Minor in English

http://catalog.ku.edu/liberal-arts-sciences/english/minor/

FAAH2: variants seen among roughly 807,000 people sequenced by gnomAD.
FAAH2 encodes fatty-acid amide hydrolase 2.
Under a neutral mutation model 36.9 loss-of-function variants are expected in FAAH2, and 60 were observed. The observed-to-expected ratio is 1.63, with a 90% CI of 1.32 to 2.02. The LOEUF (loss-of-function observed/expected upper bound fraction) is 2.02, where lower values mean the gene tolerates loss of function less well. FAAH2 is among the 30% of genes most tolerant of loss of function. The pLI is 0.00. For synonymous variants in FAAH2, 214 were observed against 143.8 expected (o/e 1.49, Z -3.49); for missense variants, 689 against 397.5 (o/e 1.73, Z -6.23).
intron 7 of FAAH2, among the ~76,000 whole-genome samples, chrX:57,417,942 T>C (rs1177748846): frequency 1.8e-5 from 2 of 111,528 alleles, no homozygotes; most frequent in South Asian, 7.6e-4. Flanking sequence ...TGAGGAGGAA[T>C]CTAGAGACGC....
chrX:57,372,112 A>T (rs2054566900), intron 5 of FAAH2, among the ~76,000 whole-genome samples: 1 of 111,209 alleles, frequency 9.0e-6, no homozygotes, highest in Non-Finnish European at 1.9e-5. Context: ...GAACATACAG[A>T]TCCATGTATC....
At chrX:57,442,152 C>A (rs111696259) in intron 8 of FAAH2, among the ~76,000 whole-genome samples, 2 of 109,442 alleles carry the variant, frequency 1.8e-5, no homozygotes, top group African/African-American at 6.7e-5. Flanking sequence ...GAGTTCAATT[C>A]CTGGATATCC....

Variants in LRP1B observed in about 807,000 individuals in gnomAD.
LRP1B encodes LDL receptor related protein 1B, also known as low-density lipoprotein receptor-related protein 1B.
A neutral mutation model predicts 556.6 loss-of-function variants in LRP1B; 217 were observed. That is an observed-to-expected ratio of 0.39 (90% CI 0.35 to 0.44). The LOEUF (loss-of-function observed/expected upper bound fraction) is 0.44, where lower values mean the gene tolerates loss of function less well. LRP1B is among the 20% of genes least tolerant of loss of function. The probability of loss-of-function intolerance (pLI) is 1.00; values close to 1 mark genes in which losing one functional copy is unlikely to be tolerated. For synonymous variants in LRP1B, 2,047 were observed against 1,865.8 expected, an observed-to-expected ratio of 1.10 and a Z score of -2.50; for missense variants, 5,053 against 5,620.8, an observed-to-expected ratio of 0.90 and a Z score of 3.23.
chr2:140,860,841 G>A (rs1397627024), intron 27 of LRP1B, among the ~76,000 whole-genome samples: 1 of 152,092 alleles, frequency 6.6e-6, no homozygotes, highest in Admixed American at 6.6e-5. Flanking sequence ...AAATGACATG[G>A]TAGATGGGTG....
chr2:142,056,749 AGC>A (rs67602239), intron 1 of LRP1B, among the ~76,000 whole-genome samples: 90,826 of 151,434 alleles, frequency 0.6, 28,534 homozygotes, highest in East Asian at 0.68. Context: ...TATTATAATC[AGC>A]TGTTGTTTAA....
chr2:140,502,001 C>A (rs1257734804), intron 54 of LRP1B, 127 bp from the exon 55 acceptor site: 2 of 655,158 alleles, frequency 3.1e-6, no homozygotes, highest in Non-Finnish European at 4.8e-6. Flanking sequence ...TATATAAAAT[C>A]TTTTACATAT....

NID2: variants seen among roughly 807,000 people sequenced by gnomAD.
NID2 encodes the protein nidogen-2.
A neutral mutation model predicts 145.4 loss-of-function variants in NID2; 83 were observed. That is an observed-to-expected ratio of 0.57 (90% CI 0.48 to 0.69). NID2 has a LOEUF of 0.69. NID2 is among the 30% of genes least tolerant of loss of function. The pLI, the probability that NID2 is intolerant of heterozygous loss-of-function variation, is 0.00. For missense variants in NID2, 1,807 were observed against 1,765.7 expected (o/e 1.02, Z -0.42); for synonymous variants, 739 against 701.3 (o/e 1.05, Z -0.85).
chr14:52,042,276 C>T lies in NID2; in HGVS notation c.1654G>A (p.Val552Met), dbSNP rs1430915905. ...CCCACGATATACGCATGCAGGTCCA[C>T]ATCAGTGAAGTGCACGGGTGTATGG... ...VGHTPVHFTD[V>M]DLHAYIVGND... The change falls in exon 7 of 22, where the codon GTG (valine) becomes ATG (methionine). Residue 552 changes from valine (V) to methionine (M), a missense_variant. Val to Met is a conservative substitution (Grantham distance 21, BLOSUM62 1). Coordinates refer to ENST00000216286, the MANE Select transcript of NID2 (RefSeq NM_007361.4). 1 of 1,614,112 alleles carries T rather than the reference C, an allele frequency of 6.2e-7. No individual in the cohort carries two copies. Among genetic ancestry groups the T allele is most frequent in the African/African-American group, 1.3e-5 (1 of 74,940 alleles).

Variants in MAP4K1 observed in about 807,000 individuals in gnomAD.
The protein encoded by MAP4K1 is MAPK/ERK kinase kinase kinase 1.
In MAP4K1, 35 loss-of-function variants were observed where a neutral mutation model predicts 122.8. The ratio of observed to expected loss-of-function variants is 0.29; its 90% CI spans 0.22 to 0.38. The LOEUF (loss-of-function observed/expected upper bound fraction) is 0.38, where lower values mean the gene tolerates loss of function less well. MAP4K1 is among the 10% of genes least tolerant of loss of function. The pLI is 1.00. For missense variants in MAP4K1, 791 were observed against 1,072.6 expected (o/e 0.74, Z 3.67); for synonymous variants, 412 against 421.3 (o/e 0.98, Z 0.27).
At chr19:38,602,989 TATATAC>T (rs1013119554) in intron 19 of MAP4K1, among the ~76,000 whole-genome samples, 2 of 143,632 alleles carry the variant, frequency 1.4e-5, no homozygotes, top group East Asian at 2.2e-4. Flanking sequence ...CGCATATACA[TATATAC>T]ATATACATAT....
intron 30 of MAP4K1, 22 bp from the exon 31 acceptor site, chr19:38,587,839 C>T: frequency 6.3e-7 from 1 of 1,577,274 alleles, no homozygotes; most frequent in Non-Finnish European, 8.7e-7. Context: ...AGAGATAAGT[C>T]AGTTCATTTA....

Why study English language and literature? Because reading and writing shape the world. KU's English Department is at the core of the humanities, highlighting the "human" through our individual, one-on-one interactions with our students, our emphasis on community and global engagement, and our abiding interest in our shared humanity through the stories of others. We seek to challenge the mind and to engage the imagination of our students, to teach them to ask questions and to seek for answers.  We encourage them to grapple with the complexity of a culturally and commercially interconnected world and the global networks and processes of cultural exchange. We believe that words and ideas will shape the world. We teach our students life-long skills, so that they learn to write clearly, creatively, and effectively—discovering themselves even as they lay a solid foundation for professional success.  A commitment to teaching and learning. Our department is renowned for its tradition of excellence in teaching.  The vast majority of our undergraduate classes have 15-25 students, and much of the class time is dedicated to active learning and engagement with texts and ideas. In the last ten years, faculty members in the department of English have won ten Kemper Fellowships for Excellence in Teaching, two Chancellors Club Teaching Professorships, a Career Achievement Teaching Award, and a wide variety of other university-level teaching and advising awards, and the department as a whole received the Center of Teaching Excellence (CTE) award for Department Excellence in Teaching at the University of Kansas.  A variety of career and life paths. The English minor is an excellent complement to any major or professional degree. English students graduate to a variety of careers, including law, teaching, scholarship, publishing, library science, and journalism--as well as medicine, business, politics, design, and any number of other fields that value clear communication, interpretive skill, and critical and creative thinking.   Engaged and innovative scholarship. KU's English Department has several core strengths that cross tracks and periods, including Global and Cross-Cultural Approaches; Literature, Rhetoric, and Social Action; Diversity Studies; Language, Literature and Science; and Popular Expressive Forms. At the KU English Department, students work closely with nationally-renowned writers and researchers. Our faculty have won national awards that recognize excellence in research, including grants from the National Endowment for the Humanities, the American Philosophical Society, and the Newberry Library, among others. English Department faculty members have also received major research funding from the University of Kansas, including the Hall Center for the Humanities Research fellowships and Keeler Intra-University Fellowships for interdisciplinary work. Undergraduate students can work one-on-one with faculty mentors in the Honors Program, McNair Scholars Program, and Dean's Scholars Program.